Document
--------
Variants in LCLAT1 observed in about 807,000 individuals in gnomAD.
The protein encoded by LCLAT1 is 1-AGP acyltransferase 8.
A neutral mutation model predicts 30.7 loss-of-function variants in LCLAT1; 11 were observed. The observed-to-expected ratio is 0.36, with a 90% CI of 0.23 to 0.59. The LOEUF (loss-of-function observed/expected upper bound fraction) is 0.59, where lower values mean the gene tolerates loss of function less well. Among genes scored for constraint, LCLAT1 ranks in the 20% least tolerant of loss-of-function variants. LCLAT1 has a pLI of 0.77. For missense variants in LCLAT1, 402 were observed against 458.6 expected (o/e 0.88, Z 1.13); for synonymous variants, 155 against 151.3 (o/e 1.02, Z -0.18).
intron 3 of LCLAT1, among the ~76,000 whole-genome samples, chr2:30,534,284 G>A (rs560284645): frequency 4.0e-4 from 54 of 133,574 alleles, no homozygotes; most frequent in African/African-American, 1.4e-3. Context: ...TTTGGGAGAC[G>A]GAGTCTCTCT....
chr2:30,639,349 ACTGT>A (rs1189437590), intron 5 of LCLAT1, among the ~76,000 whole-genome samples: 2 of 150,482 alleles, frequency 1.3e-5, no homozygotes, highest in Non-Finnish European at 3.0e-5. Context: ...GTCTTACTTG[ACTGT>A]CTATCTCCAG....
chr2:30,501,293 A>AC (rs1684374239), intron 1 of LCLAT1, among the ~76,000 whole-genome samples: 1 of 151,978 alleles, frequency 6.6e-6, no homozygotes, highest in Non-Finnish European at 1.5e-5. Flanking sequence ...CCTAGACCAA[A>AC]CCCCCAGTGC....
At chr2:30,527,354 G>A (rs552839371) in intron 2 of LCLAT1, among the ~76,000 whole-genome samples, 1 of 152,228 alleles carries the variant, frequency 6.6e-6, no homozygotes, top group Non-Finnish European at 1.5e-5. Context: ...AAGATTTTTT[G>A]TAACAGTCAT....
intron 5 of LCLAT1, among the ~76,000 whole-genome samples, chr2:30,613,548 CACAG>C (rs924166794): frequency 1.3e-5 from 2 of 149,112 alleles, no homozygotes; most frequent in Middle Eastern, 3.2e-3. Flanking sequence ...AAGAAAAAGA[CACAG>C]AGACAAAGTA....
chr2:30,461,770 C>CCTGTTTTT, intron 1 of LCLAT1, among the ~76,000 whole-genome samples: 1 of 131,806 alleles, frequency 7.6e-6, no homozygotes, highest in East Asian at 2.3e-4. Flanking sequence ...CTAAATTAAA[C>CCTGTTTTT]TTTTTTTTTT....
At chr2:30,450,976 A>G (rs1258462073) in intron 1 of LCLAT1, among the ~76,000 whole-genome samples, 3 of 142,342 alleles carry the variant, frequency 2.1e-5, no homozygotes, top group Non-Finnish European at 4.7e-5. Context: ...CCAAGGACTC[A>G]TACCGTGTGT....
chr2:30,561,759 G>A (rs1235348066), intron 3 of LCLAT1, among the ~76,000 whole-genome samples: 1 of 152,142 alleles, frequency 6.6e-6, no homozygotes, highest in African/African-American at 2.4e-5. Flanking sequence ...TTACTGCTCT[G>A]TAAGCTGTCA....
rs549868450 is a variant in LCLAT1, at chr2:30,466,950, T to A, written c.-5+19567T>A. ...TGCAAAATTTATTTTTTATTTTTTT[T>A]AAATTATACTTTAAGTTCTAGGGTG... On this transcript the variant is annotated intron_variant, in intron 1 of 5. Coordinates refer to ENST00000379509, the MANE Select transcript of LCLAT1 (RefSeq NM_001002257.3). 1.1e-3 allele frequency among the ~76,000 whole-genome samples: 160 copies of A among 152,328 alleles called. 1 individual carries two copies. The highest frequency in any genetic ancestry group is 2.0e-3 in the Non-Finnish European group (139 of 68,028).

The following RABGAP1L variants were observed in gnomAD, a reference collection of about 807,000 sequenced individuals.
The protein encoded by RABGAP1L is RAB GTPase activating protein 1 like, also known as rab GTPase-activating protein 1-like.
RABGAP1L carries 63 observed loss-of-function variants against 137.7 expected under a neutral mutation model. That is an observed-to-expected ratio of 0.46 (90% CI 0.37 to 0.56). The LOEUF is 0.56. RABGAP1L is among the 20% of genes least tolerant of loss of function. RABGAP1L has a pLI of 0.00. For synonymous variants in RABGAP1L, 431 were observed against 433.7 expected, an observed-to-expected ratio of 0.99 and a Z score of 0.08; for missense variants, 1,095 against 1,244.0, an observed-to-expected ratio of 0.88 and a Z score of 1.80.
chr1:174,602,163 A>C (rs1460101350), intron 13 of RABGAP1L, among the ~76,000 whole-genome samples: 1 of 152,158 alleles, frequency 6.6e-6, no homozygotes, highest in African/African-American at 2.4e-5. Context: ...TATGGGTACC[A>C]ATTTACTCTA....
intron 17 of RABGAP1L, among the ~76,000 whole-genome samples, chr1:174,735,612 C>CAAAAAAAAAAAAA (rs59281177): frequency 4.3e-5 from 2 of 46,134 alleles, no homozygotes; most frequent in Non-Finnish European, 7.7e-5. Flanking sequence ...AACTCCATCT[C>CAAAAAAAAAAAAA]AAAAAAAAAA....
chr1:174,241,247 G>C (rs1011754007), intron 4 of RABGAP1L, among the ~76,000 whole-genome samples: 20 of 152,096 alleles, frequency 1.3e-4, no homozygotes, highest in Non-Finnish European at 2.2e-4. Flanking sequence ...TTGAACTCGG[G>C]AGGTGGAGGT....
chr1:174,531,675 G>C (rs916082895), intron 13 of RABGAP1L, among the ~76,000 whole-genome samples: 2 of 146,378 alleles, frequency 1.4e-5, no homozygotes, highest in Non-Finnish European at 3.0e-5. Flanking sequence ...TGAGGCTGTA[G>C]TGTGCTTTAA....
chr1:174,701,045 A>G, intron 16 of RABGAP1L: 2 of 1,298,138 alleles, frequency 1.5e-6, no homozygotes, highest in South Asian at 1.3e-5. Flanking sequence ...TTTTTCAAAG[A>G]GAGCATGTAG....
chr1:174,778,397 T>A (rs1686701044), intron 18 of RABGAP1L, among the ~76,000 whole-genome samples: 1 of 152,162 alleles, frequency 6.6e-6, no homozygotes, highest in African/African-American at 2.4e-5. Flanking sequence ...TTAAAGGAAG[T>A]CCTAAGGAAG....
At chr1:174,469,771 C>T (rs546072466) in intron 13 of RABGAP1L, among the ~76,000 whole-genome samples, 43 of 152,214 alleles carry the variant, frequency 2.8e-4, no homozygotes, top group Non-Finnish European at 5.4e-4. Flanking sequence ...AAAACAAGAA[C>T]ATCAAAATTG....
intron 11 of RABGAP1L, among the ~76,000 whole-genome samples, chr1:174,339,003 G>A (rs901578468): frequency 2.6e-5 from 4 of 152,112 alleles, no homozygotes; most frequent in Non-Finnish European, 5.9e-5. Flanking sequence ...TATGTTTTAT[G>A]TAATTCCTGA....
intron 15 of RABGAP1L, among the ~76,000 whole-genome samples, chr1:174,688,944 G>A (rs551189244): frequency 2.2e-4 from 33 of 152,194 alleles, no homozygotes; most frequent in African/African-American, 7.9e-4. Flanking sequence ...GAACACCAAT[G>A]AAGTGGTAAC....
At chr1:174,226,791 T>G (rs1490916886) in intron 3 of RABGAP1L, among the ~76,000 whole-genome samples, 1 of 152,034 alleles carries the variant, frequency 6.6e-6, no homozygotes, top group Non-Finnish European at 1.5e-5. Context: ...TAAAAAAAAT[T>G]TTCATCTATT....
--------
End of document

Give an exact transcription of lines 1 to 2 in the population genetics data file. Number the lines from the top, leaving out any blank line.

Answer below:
Variants in LCLAT1 observed in about 807,000 individuals in gnomAD.
The protein encoded by LCLAT1 is 1-AGP acyltransferase 8.